Palin's words may backfire on McCain

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Washington, Oct 7 : Republican vice presidential candidate Sarah Palin has targeted key goals for John McCain's faltering campaign by claiming that Democrat Barack Obama is "palling around with terrorists" and doesn't see the US like other Americans.

The Washington Post said that she may have scored a political hit each time, her attack was unsubstantiated and carried a racially tinged subtext that John McCain himself may come to regret.

First, Palin's attack shows that her energetic debate with rival Joe Biden may be just the beginning, not the end, of a sharpened role in the battle to win the presidency.

"Our opponent ... is someone who sees America, it seems, as being so imperfect, imperfect enough, that he's palling around with terrorists who would target their own country," Palin told a group of donors in Englewood, Colo.

Obama isn't above attacking McCain's character with loaded words, releasing an ad on Sunday that calls the Arizona Republican "erratic" - a hard-to miss suggestion that McCain's age, 72, might be an issue.

"Our financial system in turmoil," an announcer says in Obama's new ad. "And John McCain? Erratic in a crisis. Out of touch on the economy."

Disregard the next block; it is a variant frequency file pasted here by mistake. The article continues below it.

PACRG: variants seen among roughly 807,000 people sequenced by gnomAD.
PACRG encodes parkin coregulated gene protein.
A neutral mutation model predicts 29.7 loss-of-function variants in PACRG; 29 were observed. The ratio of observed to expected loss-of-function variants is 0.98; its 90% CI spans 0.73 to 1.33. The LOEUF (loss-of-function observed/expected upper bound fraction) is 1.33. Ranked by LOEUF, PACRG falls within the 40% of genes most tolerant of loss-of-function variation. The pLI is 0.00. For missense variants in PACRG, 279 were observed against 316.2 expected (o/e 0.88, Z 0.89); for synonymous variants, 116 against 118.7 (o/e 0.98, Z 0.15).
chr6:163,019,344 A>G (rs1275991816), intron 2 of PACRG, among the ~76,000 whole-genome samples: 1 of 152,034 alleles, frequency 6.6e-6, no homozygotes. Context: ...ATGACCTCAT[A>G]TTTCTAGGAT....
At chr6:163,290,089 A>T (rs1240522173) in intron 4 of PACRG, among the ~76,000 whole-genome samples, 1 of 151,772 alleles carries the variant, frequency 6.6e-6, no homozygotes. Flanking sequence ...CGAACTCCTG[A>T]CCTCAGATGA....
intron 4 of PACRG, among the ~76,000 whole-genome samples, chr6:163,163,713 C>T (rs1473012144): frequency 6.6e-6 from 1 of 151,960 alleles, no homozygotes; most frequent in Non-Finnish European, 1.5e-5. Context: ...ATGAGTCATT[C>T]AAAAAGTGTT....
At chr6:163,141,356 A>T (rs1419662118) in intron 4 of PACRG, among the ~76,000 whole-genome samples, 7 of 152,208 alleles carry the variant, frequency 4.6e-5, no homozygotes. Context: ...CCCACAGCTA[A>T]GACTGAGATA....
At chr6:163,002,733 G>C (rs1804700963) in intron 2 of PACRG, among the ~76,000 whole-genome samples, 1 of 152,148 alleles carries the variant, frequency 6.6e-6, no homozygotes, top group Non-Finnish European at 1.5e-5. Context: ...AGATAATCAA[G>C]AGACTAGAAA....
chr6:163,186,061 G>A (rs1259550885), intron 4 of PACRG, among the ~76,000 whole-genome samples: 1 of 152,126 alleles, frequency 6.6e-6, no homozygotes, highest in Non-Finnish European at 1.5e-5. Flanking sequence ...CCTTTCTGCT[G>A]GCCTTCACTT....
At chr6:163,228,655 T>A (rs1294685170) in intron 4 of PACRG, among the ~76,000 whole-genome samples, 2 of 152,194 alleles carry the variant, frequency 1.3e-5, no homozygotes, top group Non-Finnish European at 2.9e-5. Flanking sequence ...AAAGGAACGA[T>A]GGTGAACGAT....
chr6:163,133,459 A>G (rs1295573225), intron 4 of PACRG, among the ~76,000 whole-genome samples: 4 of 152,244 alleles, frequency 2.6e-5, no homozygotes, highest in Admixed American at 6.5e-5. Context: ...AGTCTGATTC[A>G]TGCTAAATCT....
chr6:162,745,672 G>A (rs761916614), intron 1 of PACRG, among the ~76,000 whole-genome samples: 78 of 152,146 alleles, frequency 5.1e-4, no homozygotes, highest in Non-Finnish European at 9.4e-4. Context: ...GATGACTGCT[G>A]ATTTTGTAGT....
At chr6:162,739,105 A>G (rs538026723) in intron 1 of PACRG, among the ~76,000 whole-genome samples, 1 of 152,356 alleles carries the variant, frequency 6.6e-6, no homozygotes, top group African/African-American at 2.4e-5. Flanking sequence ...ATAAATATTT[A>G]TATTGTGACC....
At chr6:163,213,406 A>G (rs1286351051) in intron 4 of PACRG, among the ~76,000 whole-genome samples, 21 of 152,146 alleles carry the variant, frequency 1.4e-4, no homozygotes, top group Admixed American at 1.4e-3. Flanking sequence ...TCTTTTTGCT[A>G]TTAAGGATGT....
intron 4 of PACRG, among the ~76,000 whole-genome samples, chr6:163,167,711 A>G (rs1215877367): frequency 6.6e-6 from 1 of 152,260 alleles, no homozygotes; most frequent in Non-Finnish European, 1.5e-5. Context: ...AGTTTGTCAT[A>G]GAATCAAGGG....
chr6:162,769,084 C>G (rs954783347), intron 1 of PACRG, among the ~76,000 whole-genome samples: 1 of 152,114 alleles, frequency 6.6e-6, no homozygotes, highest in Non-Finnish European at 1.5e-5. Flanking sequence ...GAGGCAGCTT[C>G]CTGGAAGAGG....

In her character attack, Palin questions Obama's association with William Ayers, a member of the Vietnam-era Weather Underground, the paper said.

Her reference was exaggerated at best if not outright false. No evidence shows they were "pals" or even close when they worked on community boards years ago and Ayers hosted a political event for Obama early in his career.

Obama, who was a child when the Weathermen were planting bombs, has denounced Ayers' radical views and actions.

With her criticism, Palin is taking on the running mate's traditional role of attacker, said Rich Galen, a Republican strategist.

"There appears to be a newfound sense of confidence in Sarah Palin as a candidate, given her performance the other night," Galen said.

Second, Palin's incendiary charge draws media and voter attention away from the worsening economy. It also comes after McCain supported Wall Street bailout plan in spite of conservative anger and his own misgivings.

The larger purpose behind Palin's broadside is to reintroduce the question of Obama's associations. Millions of voters, many of them open to being swayed to one side or the other, are starting to pay attention to an election a month away.

ANI

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